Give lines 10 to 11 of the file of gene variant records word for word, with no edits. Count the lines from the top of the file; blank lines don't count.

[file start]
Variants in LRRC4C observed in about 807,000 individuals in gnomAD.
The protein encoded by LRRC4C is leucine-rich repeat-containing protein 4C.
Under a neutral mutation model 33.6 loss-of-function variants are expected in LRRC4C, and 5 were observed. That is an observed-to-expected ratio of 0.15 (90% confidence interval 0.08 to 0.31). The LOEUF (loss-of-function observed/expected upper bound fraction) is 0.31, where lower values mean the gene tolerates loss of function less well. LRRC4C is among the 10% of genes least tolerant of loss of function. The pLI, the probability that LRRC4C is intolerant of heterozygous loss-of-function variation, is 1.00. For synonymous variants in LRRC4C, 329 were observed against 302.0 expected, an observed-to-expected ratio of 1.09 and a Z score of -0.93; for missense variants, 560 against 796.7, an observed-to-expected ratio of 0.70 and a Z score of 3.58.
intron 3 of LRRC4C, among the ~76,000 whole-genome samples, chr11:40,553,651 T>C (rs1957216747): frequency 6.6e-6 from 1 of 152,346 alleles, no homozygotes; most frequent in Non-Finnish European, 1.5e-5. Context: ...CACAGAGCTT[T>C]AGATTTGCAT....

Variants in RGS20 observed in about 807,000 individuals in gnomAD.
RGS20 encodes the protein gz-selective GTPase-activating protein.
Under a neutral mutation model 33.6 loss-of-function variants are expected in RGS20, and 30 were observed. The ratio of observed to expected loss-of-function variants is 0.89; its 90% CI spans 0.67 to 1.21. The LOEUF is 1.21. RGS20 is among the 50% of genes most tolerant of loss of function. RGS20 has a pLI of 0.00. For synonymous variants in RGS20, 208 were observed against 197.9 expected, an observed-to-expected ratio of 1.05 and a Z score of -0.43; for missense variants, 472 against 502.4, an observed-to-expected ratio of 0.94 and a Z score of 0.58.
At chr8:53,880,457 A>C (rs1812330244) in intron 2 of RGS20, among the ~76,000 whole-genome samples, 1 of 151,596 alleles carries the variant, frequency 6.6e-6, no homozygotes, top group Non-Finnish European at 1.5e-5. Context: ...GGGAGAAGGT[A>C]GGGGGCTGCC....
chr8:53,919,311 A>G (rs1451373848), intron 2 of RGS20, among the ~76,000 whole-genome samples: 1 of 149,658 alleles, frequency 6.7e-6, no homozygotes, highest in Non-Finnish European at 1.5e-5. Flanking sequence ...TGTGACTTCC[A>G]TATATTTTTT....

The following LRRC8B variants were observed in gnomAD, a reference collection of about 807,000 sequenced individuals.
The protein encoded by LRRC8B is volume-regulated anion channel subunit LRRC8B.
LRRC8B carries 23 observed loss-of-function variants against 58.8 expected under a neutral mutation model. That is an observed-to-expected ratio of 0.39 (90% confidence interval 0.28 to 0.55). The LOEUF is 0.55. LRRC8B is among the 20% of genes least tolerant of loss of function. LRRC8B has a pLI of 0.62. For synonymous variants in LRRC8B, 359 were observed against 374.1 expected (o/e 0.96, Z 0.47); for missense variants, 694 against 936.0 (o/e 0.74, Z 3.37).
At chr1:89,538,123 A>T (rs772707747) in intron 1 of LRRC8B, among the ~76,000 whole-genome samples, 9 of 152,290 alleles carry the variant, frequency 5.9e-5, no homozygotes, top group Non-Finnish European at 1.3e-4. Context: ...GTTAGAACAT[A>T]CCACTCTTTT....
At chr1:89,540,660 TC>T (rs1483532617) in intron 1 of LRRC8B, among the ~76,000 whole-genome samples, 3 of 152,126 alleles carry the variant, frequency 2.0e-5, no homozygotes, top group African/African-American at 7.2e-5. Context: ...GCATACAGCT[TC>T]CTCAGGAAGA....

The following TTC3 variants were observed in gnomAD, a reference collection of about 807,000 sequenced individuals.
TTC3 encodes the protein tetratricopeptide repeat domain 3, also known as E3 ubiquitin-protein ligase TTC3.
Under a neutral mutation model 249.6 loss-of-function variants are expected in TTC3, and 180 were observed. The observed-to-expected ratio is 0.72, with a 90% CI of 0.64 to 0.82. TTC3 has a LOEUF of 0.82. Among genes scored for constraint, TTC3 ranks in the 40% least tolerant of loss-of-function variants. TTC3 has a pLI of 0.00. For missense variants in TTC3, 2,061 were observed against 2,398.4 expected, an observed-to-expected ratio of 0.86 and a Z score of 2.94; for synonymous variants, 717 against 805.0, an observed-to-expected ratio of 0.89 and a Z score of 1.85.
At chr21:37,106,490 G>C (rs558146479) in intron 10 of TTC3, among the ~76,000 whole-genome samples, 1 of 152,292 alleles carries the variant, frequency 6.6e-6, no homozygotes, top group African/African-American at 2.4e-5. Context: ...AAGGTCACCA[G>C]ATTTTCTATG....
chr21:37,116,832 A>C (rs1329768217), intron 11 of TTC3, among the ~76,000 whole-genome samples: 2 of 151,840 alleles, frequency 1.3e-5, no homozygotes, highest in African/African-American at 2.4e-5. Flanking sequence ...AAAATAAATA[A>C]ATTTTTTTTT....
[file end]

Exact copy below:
The following LRRC8B variants were observed in gnomAD, a reference collection of about 807,000 sequenced individuals.
The protein encoded by LRRC8B is volume-regulated anion channel subunit LRRC8B.